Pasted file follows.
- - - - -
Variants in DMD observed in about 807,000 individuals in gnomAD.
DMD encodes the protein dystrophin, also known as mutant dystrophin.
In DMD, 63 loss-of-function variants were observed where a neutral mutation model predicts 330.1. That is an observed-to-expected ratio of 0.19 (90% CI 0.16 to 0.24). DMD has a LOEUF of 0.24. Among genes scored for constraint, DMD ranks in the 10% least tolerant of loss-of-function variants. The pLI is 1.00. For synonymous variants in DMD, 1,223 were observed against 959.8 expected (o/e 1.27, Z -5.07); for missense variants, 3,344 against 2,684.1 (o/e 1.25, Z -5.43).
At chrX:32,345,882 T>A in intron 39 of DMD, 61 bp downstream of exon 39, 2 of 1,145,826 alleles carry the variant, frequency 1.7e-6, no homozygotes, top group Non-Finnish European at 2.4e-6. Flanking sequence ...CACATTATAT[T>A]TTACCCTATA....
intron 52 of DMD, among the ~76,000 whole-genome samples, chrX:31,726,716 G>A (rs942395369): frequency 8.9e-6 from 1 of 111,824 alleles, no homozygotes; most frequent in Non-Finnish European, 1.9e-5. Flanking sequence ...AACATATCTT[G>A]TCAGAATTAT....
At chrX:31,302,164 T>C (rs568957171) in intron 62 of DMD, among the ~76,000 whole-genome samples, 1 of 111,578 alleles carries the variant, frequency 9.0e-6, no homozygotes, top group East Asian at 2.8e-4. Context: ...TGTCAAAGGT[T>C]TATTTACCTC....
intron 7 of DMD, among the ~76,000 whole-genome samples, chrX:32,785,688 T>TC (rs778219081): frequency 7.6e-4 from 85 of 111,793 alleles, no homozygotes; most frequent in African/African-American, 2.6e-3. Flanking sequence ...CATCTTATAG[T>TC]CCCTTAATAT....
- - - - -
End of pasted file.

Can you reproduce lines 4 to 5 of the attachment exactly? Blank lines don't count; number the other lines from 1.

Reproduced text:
At chrX:32,345,882 T>A in intron 39 of DMD, 61 bp downstream of exon 39, 2 of 1,145,826 alleles carry the variant, frequency 1.7e-6, no homozygotes, top group Non-Finnish European at 2.4e-6. Flanking sequence ...CACATTATAT[T>A]TTACCCTATA....
intron 52 of DMD, among the ~76,000 whole-genome samples, chrX:31,726,716 G>A (rs942395369): frequency 8.9e-6 from 1 of 111,824 alleles, no homozygotes; most frequent in Non-Finnish European, 1.9e-5. Flanking sequence ...AACATATCTT[G>A]TCAGAATTAT....